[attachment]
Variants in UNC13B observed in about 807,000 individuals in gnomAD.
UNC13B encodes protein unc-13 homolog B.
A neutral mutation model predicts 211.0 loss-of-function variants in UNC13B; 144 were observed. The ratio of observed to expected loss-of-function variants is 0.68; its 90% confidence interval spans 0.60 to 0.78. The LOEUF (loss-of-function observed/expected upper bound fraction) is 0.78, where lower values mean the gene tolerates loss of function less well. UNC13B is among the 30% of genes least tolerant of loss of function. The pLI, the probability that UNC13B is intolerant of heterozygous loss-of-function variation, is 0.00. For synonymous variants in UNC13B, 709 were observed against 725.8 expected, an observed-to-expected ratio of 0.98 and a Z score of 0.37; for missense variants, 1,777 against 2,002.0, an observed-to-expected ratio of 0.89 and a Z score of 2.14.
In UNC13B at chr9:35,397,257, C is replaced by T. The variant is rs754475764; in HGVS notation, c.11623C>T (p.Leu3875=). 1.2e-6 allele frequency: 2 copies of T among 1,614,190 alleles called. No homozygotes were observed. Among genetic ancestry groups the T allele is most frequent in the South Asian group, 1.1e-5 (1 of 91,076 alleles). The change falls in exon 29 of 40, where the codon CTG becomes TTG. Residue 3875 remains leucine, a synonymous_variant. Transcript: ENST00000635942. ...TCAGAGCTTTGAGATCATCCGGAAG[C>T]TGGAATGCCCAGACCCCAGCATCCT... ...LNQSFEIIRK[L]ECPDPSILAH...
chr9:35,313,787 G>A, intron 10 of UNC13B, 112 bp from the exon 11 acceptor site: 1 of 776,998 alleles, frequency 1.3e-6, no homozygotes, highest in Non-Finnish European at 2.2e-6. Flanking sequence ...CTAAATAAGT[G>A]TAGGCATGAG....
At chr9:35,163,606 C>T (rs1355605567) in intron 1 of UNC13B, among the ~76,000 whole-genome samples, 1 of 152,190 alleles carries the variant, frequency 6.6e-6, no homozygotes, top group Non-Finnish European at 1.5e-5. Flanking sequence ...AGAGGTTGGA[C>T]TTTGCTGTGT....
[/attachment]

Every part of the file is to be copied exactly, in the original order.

Variants in UNC13B observed in about 807,000 individuals in gnomAD.
UNC13B encodes protein unc-13 homolog B.
A neutral mutation model predicts 211.0 loss-of-function variants in UNC13B; 144 were observed. The ratio of observed to expected loss-of-function variants is 0.68; its 90% confidence interval spans 0.60 to 0.78. The LOEUF (loss-of-function observed/expected upper bound fraction) is 0.78, where lower values mean the gene tolerates loss of function less well. UNC13B is among the 30% of genes least tolerant of loss of function. The pLI, the probability that UNC13B is intolerant of heterozygous loss-of-function variation, is 0.00. For synonymous variants in UNC13B, 709 were observed against 725.8 expected, an observed-to-expected ratio of 0.98 and a Z score of 0.37; for missense variants, 1,777 against 2,002.0, an observed-to-expected ratio of 0.89 and a Z score of 2.14.
In UNC13B at chr9:35,397,257, C is replaced by T. The variant is rs754475764; in HGVS notation, c.11623C>T (p.Leu3875=). 1.2e-6 allele frequency: 2 copies of T among 1,614,190 alleles called. No homozygotes were observed. Among genetic ancestry groups the T allele is most frequent in the South Asian group, 1.1e-5 (1 of 91,076 alleles). The change falls in exon 29 of 40, where the codon CTG becomes TTG. Residue 3875 remains leucine, a synonymous_variant. Transcript: ENST00000635942. ...TCAGAGCTTTGAGATCATCCGGAAG[C>T]TGGAATGCCCAGACCCCAGCATCCT... ...LNQSFEIIRK[L]ECPDPSILAH...
chr9:35,313,787 G>A, intron 10 of UNC13B, 112 bp from the exon 11 acceptor site: 1 of 776,998 alleles, frequency 1.3e-6, no homozygotes, highest in Non-Finnish European at 2.2e-6. Flanking sequence ...CTAAATAAGT[G>A]TAGGCATGAG....
At chr9:35,163,606 C>T (rs1355605567) in intron 1 of UNC13B, among the ~76,000 whole-genome samples, 1 of 152,190 alleles carries the variant, frequency 6.6e-6, no homozygotes, top group Non-Finnish European at 1.5e-5. Flanking sequence ...AGAGGTTGGA[C>T]TTTGCTGTGT....